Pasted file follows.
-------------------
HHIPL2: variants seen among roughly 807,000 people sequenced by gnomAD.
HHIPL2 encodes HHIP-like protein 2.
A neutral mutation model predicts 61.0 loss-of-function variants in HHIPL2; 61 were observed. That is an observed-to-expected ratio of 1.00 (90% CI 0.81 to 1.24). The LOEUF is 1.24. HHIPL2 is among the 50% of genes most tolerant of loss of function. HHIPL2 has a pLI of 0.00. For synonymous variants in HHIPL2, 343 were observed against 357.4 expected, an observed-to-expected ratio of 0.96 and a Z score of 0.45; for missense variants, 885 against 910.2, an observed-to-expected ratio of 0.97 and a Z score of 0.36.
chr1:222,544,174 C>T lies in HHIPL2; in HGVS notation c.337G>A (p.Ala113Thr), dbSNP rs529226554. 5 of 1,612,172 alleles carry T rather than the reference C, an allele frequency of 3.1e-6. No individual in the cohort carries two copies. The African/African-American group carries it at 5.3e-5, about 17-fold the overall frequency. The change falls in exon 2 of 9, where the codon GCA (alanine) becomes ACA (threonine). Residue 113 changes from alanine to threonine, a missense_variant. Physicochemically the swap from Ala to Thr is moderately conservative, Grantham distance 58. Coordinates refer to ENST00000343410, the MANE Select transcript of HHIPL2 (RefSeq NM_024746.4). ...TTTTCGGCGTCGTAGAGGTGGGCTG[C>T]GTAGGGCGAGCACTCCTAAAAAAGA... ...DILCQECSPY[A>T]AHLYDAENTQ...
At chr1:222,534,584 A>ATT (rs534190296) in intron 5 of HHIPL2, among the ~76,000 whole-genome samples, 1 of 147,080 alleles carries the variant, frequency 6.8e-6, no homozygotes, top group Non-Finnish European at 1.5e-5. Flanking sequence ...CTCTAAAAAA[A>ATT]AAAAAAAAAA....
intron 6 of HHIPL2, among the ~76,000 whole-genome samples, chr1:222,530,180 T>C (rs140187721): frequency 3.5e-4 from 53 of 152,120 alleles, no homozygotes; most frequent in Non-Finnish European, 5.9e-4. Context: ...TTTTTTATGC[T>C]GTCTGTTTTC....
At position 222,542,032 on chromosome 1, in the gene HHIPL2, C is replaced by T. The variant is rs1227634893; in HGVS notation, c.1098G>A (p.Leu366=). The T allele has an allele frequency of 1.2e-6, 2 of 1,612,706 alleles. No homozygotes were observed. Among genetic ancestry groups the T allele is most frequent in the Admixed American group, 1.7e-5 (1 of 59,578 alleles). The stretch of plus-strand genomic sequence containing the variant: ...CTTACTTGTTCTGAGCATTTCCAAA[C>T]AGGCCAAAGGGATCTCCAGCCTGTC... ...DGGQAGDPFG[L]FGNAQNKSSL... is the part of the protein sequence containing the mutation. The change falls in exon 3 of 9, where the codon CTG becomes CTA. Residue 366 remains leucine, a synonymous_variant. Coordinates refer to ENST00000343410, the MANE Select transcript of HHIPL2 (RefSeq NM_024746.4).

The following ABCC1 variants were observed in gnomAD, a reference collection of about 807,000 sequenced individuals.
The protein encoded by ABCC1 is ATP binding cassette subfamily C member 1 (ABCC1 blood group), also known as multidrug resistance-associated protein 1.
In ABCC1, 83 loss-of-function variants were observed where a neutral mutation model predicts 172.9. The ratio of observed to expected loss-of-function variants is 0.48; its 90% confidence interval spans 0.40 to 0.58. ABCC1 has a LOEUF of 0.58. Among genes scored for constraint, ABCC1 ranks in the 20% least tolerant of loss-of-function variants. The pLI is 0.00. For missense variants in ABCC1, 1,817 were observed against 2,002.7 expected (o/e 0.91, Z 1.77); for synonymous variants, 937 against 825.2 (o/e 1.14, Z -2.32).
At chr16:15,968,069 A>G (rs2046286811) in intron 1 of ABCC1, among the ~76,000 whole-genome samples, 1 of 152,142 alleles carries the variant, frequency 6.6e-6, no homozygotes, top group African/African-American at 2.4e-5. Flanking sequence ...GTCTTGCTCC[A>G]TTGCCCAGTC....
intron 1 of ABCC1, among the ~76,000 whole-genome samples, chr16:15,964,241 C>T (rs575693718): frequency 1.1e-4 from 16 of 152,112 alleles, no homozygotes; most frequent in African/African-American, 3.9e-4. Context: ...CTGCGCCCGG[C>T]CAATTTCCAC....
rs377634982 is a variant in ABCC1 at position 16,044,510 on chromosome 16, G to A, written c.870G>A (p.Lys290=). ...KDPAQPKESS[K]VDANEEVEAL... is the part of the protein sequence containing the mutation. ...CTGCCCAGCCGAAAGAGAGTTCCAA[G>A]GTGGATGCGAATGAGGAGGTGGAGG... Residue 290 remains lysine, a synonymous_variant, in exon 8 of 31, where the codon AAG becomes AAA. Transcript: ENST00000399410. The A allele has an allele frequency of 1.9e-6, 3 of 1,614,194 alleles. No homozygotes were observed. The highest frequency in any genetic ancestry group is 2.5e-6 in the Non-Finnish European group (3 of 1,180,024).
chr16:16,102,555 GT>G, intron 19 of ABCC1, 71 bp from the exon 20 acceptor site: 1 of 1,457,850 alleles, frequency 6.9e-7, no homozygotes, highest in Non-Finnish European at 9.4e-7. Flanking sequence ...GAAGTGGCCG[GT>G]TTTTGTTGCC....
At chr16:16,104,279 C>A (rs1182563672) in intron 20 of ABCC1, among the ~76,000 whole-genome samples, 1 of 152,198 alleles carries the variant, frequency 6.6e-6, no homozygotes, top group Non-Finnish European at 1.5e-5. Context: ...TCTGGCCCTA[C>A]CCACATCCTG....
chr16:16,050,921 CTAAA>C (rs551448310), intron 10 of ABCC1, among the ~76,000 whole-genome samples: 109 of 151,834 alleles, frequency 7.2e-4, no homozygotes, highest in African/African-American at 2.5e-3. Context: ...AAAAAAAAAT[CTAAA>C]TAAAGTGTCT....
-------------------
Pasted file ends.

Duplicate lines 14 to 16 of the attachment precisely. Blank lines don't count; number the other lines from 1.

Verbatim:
chr16:16,102,555 GT>G, intron 19 of ABCC1, 71 bp from the exon 20 acceptor site: 1 of 1,457,850 alleles, frequency 6.9e-7, no homozygotes, highest in Non-Finnish European at 9.4e-7. Flanking sequence ...GAAGTGGCCG[GT>G]TTTTGTTGCC....
At chr16:16,104,279 C>A (rs1182563672) in intron 20 of ABCC1, among the ~76,000 whole-genome samples, 1 of 152,198 alleles carries the variant, frequency 6.6e-6, no homozygotes, top group Non-Finnish European at 1.5e-5. Context: ...TCTGGCCCTA[C>A]CCACATCCTG....
chr16:16,050,921 CTAAA>C (rs551448310), intron 10 of ABCC1, among the ~76,000 whole-genome samples: 109 of 151,834 alleles, frequency 7.2e-4, no homozygotes, highest in African/African-American at 2.5e-3. Context: ...AAAAAAAAAT[CTAAA>C]TAAAGTGTCT....